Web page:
Joint statement: In Evros and Canakkale, Greek and Turkish people suffer all the same

We publish below the common statement by the initiative against war and extractions in Turkey-Cyprus-Greece “Kazma Birak-Μας σκάβουν τον λάκκο-Don’t Dig». The initiative was kick-started by 70 (mainly) environmental organisations in the tree countries. Read the statement in Greek here and in Turkish here

Huge wildfires are burning Greece and Turkey again. The sheer scale of the areas that were burned down is gigantic.

In Greece, the fire in Dadia forest near the Evros river is still burning, while the smoke from the fire has reached the Ionian sea! In total, during July and August, more than 1.200.000 acres of forests and farming plains were burned down. 35 people have lost their lives by the wildfires until now, while countless plants and animals have suffered the same fate. 26 refugees were burned alive in Dadia forest in their attempt to cross the borders over to Greece. Tens of thousands were forced to evacuate their homes, and the flames reached the surrounding area of the Alexandroupoli hospital, forcing staff to move all patients. These destructive events are added to similar wildfires that have wrecked Greece in previous years.

Just across the border, in the Canakkale region in Turkey, huge wildfires are also burning thousands of acres of forest areas. Fires also broke out in a number of places all over Turkey. Over 20 villages have been evacuated. There are people who have been injured by the fire, but the exact numbers are not officially announced. The number of dead animals remains unknown. The state is trying to intervene from the air with firefighting planes and helicopters and from the ground with rescue teams and firefighters, but the response is very inadequate.

Who is to blame?

Such destruction cannot be considered “normal”. The government spokesperson in Greece said that this is “the new reality”. We refuse to accept that it is normal for humans, animals and nature to suffer like this every summer.

There are three main perpetrators for these crimes committed all around the world. 

One is the climate crisis. Climate change creates warmer, drier conditions in forests, which then mean that fires can be ignited easier and can spread faster. According to the UN, wildfires are becoming more intense and more frequent. Recent years have seen record-breaking wildfire seasons across the world. We urgently need to fight to stop the climate crisis. Instead, our governments are looking to intensify fossil fuel extraction in the Aegean and Mediterranean seas, and they are even prepared to use their armies against each other in order to secure overseas gas fields. Moreover, they are not taking any meaningful measures to reduce emissions or organize production in an environmentally friendly way. On the contrary, they are sacrificing the environment to serve capitalist interests. 

But there’s more to it than that. Our governments hypocritically use climate change to justify their failure to deal with wildfires. They present it as an external factor for which we cannot do anything about. This helps them hide their responsibilities for dismantling fire prevention and fire fighting services. That is the second perpetrator. As firefighters say “a fire is extinguished with a glass of water in the first second, with a bucket of water in the first minute, with a ton of water in the first ten minutes. Then we do whatever we can…” Governments in Greece and Turkey try to convince us that there is not enough money for those essential services. But the fact is that they choose to spend state money on the arms race, on the police, on supporting their capitalist friends, etc. We should demand more state funds to fire prevention and fire fighting services, with mass recruitment of the personnel needed.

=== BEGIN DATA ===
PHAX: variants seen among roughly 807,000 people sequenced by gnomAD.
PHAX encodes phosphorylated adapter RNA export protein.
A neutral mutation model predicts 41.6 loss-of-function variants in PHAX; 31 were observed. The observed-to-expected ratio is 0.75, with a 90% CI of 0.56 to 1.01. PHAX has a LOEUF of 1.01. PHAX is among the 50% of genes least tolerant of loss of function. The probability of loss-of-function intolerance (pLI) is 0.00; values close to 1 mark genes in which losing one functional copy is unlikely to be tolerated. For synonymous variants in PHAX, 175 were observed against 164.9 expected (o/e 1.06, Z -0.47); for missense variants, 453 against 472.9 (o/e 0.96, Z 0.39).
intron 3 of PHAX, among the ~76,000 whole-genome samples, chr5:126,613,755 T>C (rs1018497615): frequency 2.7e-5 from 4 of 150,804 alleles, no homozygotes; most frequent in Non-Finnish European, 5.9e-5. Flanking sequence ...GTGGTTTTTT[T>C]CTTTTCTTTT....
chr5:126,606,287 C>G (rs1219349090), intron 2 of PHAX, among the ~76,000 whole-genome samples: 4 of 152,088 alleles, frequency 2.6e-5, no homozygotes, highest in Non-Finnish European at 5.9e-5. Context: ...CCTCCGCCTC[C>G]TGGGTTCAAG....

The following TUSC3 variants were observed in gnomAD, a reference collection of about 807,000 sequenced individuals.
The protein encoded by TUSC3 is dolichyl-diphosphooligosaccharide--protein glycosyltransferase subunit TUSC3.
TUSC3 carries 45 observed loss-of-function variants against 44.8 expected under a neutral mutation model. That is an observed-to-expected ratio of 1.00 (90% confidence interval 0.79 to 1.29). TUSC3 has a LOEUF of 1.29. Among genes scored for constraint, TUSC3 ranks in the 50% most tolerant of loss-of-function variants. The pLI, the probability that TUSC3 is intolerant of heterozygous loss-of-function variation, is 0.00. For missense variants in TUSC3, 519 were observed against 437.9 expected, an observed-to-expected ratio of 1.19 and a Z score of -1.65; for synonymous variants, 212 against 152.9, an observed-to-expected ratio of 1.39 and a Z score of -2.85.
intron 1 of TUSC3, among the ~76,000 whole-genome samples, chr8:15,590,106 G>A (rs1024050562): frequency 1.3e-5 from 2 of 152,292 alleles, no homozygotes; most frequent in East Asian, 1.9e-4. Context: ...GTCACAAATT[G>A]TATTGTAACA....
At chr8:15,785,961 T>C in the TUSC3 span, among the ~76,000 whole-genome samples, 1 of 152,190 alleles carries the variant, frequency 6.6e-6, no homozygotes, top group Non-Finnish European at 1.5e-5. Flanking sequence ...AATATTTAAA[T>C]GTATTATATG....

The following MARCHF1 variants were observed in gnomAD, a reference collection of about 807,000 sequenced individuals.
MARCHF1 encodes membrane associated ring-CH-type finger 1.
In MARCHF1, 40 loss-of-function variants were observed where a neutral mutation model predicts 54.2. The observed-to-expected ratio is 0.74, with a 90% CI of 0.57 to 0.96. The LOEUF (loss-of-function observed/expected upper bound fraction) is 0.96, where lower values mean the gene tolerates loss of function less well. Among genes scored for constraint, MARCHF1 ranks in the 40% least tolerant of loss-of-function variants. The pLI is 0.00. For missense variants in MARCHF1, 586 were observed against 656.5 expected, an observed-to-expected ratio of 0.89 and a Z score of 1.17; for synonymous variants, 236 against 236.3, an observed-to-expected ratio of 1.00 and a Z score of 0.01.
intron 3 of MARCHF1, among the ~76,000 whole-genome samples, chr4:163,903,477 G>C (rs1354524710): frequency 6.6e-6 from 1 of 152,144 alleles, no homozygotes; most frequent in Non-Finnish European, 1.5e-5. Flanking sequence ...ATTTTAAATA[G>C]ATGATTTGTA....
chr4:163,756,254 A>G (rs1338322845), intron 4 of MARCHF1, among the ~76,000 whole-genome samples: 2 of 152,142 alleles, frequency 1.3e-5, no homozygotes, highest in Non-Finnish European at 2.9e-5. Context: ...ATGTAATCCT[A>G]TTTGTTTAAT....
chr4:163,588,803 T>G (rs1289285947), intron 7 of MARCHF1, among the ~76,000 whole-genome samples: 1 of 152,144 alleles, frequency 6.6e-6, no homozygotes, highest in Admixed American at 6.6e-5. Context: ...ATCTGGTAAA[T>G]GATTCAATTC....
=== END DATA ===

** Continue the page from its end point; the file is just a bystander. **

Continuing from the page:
Thirdly, these fires demonstrate the effects of rapid urbanization driven by profit motives, often leading to displacement and loss of livelihood for marginalized communities, and bringing industrial activity closer to protected areas. These forest fires reflect the severe consequences of unchecked capitalism, highlighting the urgent necessity of sustainable urban planning that prioritizes both the environment and social well-being.

Solidarity across borders

We express our solidarity to all those who suffer from these policies on both sides of the Aegean.

We strive to answer all the lies and nationalist propaganda of each side. In Greece, interior minister Voridis stated that he cannot rule out that the Rhodes fire was set by “turkish agents”. The same propaganda is widespread in Thrace, where local far-right news outlets talk about “turkish spies” igniting fires near the Evros river.

Refugees were also targeted in Greece and were victims of pogroms organised by far-right gangs. These moves serve to obscure the responsibilities of governments and shift the focus to the usual suspects, scapegoating the most vulnerable.

As a common initiative in Turkey, Cyprus and Greece, we will continue to fight a common struggle against climate change and fossil fuel extractions, against environment degradation, against the dismantling and defunding of fire prevention and fire fighting services, for a peaceful and dignified life in our region. Greek and Turkish people face common problems, they should engage in a common battle to solve them!

We make a call for coordinated action between the movements of Turkey, Cyprus and Greece. There are movements in every country against environmental destruction, against fossil fuel extraction, against gold mining, on the issue of energy, ect. These movements will definitely be broadened, deepened and strengthened if they organise joint actions. This is the way forward in our opinion.

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